Mixologists Recommend The Best Low-ABV Drinks For Your Holiday Party

Holiday parties are supposed to be festive, but they're often a lot less fun than TV commercials make them out to be. This may be due in large part to the fact that such parties frequently involve excessive alcohol consumption. Those full of Christmas spirits are prone not only to embarrassing themselves and others (something they'll likely never live down in this age of social media), but the night can have tragic consequences should they insist on driving home afterwards. Something you may not be aware of if you're hosting a holiday party is that, as the PKSD law firm tells us, you could be held liable for any accidents caused by your overserved guests.

One way to avoid your party turning into a disaster is to limit the amount of alcohol your guests are consuming by serving mixed drinks with low (or no) alcohol content. Should you do so, you'll be in good company, as even one of our former presidents set a precedent: at one White House party, Rutherford B. Hayes is said to have faked out his guests with a "spiked" punch that was only booze-flavored and didn't actually contain any alcohol. These days there are a lot more low-alcohol options available to us, so we turned to the professionals for some advice. Mixologist Emily Yett and Ogden's Own Distillery president (and 30-year beverage industry veteran) Mark Fine have some tips on how to make your holidays less spirited (but in a good way).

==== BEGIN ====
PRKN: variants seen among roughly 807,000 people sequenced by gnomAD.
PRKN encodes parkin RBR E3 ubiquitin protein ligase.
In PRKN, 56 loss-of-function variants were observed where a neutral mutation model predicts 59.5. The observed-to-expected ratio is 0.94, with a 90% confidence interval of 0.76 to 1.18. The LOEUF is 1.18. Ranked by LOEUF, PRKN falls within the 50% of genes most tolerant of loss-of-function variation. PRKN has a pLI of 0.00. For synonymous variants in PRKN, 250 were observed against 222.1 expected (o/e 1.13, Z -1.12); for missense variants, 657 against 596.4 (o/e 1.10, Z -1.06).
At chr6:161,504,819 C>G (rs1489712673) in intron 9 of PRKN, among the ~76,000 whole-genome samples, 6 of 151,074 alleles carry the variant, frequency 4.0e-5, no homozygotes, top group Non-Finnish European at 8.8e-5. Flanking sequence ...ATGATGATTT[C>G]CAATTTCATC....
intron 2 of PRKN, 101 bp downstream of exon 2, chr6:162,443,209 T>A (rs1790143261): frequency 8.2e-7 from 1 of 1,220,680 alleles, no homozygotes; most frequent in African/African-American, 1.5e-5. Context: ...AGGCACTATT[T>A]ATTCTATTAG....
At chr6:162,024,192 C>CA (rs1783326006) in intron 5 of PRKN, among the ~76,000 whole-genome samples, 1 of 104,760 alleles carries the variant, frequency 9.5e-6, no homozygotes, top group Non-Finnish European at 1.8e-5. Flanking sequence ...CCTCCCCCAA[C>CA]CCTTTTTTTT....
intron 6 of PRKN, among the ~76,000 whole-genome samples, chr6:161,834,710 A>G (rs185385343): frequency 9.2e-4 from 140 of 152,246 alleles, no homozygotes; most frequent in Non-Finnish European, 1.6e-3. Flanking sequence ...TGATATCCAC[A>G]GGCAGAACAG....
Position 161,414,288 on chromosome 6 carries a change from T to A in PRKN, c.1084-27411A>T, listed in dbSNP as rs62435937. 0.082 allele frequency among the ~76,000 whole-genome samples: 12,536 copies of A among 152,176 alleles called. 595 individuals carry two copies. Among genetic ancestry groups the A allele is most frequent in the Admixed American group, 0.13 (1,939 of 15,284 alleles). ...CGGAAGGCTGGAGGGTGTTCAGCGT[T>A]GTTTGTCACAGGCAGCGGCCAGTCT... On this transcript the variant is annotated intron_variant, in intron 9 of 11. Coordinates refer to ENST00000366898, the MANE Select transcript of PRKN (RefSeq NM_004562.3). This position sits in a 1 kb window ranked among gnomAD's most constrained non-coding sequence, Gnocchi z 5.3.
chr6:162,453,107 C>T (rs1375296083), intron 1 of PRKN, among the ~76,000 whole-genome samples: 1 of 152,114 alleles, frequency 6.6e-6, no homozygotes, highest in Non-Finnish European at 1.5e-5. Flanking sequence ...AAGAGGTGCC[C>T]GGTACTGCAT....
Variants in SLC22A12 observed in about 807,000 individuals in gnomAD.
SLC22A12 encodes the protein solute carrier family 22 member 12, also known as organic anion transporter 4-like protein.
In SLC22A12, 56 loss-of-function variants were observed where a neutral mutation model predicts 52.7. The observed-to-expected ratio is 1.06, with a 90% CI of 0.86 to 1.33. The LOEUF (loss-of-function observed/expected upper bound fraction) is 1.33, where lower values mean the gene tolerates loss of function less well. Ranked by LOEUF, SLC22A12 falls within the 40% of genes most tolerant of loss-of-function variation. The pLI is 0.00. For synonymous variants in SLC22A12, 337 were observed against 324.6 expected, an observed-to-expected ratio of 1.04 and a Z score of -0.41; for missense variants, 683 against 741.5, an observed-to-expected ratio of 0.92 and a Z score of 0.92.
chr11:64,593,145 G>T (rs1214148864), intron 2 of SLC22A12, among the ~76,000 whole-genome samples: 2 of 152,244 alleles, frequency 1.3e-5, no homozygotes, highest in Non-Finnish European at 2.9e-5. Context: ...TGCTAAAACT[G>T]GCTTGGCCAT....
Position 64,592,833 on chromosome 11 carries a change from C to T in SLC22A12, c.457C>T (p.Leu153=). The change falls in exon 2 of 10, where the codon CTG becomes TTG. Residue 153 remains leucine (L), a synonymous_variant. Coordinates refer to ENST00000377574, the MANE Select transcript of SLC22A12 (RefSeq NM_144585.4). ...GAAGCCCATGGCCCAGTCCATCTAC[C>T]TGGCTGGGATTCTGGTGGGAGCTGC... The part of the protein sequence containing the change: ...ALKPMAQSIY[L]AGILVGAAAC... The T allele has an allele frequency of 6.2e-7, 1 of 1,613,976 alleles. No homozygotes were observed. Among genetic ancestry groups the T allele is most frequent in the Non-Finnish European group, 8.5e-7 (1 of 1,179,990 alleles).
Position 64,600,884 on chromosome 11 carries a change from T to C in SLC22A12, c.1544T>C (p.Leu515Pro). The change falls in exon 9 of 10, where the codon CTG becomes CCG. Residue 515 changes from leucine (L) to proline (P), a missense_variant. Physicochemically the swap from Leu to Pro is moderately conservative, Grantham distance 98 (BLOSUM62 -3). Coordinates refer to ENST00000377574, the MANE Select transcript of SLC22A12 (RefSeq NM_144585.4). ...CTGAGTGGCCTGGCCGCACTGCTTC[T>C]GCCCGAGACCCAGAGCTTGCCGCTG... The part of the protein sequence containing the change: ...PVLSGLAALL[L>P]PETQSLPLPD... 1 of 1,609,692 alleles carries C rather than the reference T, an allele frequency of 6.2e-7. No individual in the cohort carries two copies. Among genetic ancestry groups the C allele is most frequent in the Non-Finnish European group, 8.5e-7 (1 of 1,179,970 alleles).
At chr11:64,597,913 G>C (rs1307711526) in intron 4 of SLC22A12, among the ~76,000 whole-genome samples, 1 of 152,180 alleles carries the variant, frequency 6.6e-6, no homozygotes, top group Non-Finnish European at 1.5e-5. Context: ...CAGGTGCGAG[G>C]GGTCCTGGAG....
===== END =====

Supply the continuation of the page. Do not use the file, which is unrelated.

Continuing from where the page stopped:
Canned cocktails can be stretched with mixers

"Over the last year," say Yett and Fine, "we've all noticed that the canned cocktail/spiked seltzer trend has taken the world by storm." Rather than simply serving such drinks at your party, though, what they suggest is using them to make mixed drinks. This offers the benefit of helping you stretch out your supplies, as one canned cocktail can make two mixed drinks, and of course each drink only has half the alcohol content of drinking that seltzer (or cocktail) straight up. As Yett and Fine say, "Using some of the canned cocktail or RTD options on the market as vehicles for cocktails, rather than a straight spirit such as vodka or gin, makes for a unique base to utilize in a low-ABV cocktail."

They offer several suggestions for drinks that can be created from some of the canned craft cocktails made by Ogden's Own, although if these are not available in your area, you can make do with similar options. One such drink involves mixing a 12-ounce can of their Five Wives vodka soda with 3 ounces of peach puree and an ounce of pineapple juice, then adding this mixture to muddled mint leaves. Another one, a "fall mule," as they call it, combines their canned Five Wives Moscow mule with 4 ounces of cranberry juice. Yet another fall-themed cocktail can be made from canned gin and tonic mixed with 4 ounces of apple cider and a tablespoon of maple syrup.

Sake makes for a great low-ABV cocktail base